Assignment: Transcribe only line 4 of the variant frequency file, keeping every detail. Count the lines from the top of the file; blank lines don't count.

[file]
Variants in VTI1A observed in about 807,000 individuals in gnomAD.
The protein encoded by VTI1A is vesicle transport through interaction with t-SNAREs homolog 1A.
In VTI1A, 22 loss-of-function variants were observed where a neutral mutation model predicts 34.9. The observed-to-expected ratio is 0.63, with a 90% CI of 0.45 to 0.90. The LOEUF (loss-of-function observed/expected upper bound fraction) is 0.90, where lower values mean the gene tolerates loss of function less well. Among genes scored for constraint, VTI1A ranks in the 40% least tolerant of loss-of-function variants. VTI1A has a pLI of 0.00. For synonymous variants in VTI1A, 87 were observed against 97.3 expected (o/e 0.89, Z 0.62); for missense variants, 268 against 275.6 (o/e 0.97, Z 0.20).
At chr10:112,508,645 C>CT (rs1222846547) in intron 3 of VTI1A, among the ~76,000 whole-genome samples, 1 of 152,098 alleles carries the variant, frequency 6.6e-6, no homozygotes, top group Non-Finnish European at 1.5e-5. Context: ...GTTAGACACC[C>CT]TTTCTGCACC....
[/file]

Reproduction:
At chr10:112,508,645 C>CT (rs1222846547) in intron 3 of VTI1A, among the ~76,000 whole-genome samples, 1 of 152,098 alleles carries the variant, frequency 6.6e-6, no homozygotes, top group Non-Finnish European at 1.5e-5. Context: ...GTTAGACACC[C>CT]TTTCTGCACC....